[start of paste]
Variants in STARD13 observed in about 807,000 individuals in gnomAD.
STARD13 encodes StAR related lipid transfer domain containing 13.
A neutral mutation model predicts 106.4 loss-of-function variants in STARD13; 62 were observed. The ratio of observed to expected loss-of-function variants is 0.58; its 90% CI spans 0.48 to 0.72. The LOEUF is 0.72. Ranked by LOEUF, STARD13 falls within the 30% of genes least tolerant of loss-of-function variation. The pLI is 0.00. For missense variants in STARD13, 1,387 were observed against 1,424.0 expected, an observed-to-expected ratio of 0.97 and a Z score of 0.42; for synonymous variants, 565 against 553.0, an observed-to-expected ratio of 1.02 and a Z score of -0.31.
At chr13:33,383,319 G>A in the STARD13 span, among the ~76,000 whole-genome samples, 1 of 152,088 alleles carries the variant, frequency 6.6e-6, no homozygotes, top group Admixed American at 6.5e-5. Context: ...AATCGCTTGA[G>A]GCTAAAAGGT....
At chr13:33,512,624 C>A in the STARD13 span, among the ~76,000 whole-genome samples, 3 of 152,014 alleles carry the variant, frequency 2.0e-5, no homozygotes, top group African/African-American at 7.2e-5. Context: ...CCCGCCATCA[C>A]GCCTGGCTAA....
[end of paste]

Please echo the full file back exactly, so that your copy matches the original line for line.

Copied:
Variants in STARD13 observed in about 807,000 individuals in gnomAD.
STARD13 encodes StAR related lipid transfer domain containing 13.
A neutral mutation model predicts 106.4 loss-of-function variants in STARD13; 62 were observed. The ratio of observed to expected loss-of-function variants is 0.58; its 90% CI spans 0.48 to 0.72. The LOEUF is 0.72. Ranked by LOEUF, STARD13 falls within the 30% of genes least tolerant of loss-of-function variation. The pLI is 0.00. For missense variants in STARD13, 1,387 were observed against 1,424.0 expected, an observed-to-expected ratio of 0.97 and a Z score of 0.42; for synonymous variants, 565 against 553.0, an observed-to-expected ratio of 1.02 and a Z score of -0.31.
At chr13:33,383,319 G>A in the STARD13 span, among the ~76,000 whole-genome samples, 1 of 152,088 alleles carries the variant, frequency 6.6e-6, no homozygotes, top group Admixed American at 6.5e-5. Context: ...AATCGCTTGA[G>A]GCTAAAAGGT....
At chr13:33,512,624 C>A in the STARD13 span, among the ~76,000 whole-genome samples, 3 of 152,014 alleles carry the variant, frequency 2.0e-5, no homozygotes, top group African/African-American at 7.2e-5. Context: ...CCCGCCATCA[C>A]GCCTGGCTAA....